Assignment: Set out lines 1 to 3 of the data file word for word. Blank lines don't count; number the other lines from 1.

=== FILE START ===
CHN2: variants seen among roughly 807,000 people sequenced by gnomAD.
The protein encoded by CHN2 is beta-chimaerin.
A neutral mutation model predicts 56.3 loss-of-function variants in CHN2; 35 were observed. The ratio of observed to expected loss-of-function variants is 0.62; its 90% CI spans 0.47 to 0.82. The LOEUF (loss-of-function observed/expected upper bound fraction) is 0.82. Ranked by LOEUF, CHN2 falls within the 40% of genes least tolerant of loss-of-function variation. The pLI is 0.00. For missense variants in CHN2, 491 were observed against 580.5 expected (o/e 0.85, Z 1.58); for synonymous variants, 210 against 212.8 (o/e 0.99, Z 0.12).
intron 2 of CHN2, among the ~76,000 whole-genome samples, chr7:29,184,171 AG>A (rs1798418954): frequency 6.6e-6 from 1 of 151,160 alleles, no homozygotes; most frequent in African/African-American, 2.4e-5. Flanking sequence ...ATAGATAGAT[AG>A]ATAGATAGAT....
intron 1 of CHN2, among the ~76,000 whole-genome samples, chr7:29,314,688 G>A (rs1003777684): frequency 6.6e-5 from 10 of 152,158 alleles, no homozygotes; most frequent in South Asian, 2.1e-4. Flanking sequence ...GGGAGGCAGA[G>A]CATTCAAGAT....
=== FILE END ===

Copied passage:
CHN2: variants seen among roughly 807,000 people sequenced by gnomAD.
The protein encoded by CHN2 is beta-chimaerin.
A neutral mutation model predicts 56.3 loss-of-function variants in CHN2; 35 were observed. The ratio of observed to expected loss-of-function variants is 0.62; its 90% CI spans 0.47 to 0.82. The LOEUF (loss-of-function observed/expected upper bound fraction) is 0.82. Ranked by LOEUF, CHN2 falls within the 40% of genes least tolerant of loss-of-function variation. The pLI is 0.00. For missense variants in CHN2, 491 were observed against 580.5 expected (o/e 0.85, Z 1.58); for synonymous variants, 210 against 212.8 (o/e 0.99, Z 0.12).